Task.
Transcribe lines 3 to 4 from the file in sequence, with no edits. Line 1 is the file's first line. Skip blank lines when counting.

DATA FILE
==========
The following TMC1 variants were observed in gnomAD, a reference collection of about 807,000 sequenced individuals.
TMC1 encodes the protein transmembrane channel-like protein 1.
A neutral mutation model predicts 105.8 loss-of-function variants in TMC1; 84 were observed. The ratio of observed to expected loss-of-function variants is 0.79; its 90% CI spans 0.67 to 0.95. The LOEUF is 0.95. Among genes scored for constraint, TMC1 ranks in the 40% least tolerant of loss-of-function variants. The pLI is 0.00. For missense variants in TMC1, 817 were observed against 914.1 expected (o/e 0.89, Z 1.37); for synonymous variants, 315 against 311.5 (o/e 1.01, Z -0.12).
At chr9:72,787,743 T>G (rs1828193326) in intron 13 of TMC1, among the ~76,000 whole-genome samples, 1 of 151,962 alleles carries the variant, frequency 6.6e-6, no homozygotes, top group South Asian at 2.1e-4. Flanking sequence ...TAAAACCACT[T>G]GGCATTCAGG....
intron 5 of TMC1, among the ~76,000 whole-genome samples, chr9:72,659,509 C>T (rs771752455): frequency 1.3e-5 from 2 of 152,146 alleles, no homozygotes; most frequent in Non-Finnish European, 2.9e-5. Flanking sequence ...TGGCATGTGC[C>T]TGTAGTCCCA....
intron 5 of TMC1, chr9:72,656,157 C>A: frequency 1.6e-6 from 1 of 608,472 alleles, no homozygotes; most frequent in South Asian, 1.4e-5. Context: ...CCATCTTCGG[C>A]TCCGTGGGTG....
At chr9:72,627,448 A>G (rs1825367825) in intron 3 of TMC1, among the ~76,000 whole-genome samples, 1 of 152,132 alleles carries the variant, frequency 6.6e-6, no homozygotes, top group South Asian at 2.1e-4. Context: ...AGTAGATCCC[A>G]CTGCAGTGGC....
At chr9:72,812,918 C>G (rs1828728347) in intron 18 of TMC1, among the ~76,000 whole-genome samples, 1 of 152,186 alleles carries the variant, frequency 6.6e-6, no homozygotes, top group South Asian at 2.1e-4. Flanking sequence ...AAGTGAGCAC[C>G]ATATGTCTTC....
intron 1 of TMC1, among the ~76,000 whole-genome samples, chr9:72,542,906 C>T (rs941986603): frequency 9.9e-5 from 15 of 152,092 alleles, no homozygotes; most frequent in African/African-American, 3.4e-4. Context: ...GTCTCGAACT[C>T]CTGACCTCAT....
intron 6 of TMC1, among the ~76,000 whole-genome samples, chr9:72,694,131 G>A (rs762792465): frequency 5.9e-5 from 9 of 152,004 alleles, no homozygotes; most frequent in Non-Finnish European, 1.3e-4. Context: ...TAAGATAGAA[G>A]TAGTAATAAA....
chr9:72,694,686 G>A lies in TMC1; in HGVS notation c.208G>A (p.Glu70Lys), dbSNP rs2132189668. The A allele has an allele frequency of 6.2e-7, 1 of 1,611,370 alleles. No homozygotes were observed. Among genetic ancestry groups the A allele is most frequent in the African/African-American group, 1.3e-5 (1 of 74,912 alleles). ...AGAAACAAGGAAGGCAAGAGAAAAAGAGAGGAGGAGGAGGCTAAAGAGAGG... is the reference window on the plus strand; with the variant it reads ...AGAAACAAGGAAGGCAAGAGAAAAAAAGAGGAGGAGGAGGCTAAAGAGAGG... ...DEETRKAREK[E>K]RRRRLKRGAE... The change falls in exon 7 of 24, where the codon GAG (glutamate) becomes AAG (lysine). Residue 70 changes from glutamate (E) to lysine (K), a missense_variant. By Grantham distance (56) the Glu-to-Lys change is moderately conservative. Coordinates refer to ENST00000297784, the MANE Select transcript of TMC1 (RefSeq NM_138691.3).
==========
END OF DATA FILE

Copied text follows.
A neutral mutation model predicts 105.8 loss-of-function variants in TMC1; 84 were observed. The ratio of observed to expected loss-of-function variants is 0.79; its 90% CI spans 0.67 to 0.95. The LOEUF is 0.95. Among genes scored for constraint, TMC1 ranks in the 40% least tolerant of loss-of-function variants. The pLI is 0.00. For missense variants in TMC1, 817 were observed against 914.1 expected (o/e 0.89, Z 1.37); for synonymous variants, 315 against 311.5 (o/e 1.01, Z -0.12).
At chr9:72,787,743 T>G (rs1828193326) in intron 13 of TMC1, among the ~76,000 whole-genome samples, 1 of 151,962 alleles carries the variant, frequency 6.6e-6, no homozygotes, top group South Asian at 2.1e-4. Flanking sequence ...TAAAACCACT[T>G]GGCATTCAGG....